During menopause, a woman's body undergoes significant changes that can lead to an increase in body weight. This is due to a combination of factors, including hormonal shifts and age-related metabolic changes. As hormone levels decrease, women often experience a decrease in muscle tissue and an increase in fat cells. In addition, the natural decline in metabolism associated with aging also contributes to potential weight gain during this time.
Additionally, lifestyle factors such as diet and physical activity may play a role in how much weight someone gains during menopause. With reduced estrogen comes increased sensitivity to insulin, which can cause blood sugar levels to rise and contribute to unwanted abdominal fat accumulation. Finally, the stress associated with life transitions such as menopause can lead to overeating and further weight gain. It is important for women to be aware of the factors that can lead to weight gain during menopause, so they can make any necessary lifestyle modifications to prevent or reduce it.
During Menopause, women's bodies experience a decrease in estrogen production. This change can cause the mucous membranes to become thinner and less lubricated, leading to dryness in the vagina. Common symptoms of vaginal dryness include itching, burning and painful intercourse. In addition, this decrease in estrogen can also affect the urinary tract’s ability to fight off infection, resulting in an increased risk of bladder problems such as urinary tract infections.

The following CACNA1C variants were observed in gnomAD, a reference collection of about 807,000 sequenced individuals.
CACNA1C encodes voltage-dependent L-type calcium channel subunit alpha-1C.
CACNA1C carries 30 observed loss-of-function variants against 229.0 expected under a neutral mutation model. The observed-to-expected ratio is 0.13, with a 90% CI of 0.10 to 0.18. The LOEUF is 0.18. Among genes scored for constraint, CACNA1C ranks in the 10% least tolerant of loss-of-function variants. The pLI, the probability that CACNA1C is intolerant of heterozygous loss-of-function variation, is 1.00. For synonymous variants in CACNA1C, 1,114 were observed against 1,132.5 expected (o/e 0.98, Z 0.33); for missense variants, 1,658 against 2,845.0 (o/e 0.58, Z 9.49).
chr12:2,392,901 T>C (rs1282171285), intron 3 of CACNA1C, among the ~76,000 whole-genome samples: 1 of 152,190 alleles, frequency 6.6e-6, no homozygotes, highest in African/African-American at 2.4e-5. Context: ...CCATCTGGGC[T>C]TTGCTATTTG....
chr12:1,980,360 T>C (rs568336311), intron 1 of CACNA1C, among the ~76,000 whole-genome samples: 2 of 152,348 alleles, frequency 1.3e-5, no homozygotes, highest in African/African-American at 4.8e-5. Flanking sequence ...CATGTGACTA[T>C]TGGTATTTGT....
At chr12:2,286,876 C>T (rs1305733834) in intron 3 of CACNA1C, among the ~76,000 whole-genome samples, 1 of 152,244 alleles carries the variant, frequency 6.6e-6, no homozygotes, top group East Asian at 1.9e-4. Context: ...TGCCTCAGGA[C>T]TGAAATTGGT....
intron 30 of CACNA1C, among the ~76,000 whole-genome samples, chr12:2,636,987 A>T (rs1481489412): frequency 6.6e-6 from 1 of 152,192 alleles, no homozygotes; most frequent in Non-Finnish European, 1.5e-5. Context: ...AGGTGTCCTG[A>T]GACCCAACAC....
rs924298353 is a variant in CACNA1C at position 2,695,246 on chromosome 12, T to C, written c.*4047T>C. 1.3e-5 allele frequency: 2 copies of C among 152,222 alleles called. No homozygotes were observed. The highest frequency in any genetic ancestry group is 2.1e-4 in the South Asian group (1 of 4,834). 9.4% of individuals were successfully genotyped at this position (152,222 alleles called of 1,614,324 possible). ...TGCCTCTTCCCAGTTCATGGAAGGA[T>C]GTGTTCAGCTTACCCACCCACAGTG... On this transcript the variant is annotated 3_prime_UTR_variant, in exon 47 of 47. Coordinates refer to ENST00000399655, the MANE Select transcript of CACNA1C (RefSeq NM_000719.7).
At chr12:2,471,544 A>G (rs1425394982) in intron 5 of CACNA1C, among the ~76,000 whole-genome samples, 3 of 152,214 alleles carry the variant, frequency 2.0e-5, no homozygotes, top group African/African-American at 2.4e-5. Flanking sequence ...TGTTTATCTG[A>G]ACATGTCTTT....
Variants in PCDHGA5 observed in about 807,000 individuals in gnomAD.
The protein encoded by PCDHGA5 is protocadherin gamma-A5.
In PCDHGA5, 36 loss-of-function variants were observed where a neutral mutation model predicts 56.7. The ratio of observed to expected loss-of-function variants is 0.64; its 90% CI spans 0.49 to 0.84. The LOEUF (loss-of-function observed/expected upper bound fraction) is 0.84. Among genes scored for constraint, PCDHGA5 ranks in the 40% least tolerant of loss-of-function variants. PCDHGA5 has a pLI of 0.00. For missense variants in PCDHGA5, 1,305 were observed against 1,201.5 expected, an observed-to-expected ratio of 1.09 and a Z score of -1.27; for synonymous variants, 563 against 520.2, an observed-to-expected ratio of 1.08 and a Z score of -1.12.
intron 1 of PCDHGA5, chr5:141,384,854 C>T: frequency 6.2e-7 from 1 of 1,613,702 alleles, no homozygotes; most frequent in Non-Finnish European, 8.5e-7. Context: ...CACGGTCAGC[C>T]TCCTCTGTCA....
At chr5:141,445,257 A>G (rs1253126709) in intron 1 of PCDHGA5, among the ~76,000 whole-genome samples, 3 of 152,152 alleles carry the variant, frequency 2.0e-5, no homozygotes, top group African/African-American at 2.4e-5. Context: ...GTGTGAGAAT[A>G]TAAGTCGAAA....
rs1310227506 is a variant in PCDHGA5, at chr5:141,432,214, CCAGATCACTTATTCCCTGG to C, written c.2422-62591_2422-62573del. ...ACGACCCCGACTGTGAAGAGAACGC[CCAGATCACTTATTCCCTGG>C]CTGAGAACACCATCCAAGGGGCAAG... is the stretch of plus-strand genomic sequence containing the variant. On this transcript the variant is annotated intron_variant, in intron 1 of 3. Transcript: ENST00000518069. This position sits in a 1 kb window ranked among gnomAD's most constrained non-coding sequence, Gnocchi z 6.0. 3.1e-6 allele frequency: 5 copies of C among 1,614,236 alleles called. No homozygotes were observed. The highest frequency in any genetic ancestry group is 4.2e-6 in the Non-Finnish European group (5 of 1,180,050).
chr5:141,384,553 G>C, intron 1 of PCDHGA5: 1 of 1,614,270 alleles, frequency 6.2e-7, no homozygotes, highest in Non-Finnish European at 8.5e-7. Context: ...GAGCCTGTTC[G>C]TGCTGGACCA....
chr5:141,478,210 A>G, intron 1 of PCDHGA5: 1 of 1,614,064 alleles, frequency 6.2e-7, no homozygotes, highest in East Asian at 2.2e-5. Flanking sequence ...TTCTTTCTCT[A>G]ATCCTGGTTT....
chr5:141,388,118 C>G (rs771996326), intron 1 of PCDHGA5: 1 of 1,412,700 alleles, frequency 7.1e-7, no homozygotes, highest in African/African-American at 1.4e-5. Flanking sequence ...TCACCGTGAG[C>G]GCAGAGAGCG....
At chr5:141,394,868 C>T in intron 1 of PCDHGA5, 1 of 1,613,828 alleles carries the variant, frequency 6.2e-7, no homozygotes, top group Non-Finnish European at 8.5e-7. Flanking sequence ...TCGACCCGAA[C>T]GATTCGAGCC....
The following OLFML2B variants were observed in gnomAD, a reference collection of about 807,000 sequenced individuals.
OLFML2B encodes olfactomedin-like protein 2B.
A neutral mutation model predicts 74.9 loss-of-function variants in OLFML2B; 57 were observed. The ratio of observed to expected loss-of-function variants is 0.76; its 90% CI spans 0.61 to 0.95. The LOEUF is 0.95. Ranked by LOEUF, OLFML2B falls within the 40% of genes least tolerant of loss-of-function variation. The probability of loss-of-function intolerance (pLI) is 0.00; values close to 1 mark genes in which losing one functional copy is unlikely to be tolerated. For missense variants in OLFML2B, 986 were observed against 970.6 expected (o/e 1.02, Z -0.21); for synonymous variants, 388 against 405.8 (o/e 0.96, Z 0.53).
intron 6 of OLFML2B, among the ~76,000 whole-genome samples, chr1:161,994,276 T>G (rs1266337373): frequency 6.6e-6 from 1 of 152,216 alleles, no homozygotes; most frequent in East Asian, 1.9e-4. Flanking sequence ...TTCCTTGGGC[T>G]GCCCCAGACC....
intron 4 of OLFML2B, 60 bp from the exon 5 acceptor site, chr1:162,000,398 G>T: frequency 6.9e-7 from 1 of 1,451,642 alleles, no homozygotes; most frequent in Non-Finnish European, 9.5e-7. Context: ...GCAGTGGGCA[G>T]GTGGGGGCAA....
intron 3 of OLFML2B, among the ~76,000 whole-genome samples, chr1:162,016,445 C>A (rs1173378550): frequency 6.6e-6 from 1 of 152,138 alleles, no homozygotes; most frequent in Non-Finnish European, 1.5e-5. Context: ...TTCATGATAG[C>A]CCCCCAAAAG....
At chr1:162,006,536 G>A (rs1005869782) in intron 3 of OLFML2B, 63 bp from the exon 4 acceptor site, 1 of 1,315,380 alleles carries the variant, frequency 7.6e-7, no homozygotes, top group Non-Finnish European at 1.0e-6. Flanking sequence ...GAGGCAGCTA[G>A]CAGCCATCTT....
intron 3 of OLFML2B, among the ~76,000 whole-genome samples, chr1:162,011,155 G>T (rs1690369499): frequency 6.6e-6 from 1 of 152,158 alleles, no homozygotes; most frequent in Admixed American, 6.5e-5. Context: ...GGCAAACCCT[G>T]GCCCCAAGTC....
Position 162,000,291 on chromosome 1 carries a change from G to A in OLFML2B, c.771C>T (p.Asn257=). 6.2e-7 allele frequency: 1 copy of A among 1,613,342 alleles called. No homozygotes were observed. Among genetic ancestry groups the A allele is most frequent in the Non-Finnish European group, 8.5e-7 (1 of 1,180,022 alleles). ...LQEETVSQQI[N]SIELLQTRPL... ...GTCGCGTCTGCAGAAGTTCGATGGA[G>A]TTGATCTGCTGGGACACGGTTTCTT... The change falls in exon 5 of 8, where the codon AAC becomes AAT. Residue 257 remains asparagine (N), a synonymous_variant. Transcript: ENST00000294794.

Fortunately, there are treatments available that can help reduce these uncomfortable symptoms associated with vaginal dryness during menopause. Using supplements with ashwagandha and Estrog-100 can provide natural solutions to better vaginal lubrication and increased libido. Hormone replacement therapy is one option that can replace some of the lost estrogens and provide relief from these symptoms. Other treatments include over-the-counter topical lubricants and moisturizers to help keep the area well-moisturized. Additionally, lifestyle changes such as avoiding long, hot showers or baths and wearing cotton underwear can go a long way in helping reduce vaginal dryness.
Low Libido and Sex drive
The lowered levels of estrogen and, progesterone can lead to lower libido, or sex drive, due to decreased sensitivity to sexual stimulation as well as lowered production of testosterone—the hormone associated with sexual desire. Additionally, increased stress levels during menopause may reduce the ability to enjoy sexual activities. Some other physical symptoms related to menopause such as vaginal dryness and pain during intercourse can also influence sex drive. Again, using supplements with Ashwagandha and Estrog-100 can provide natural solutions to better lubrication and increased libido.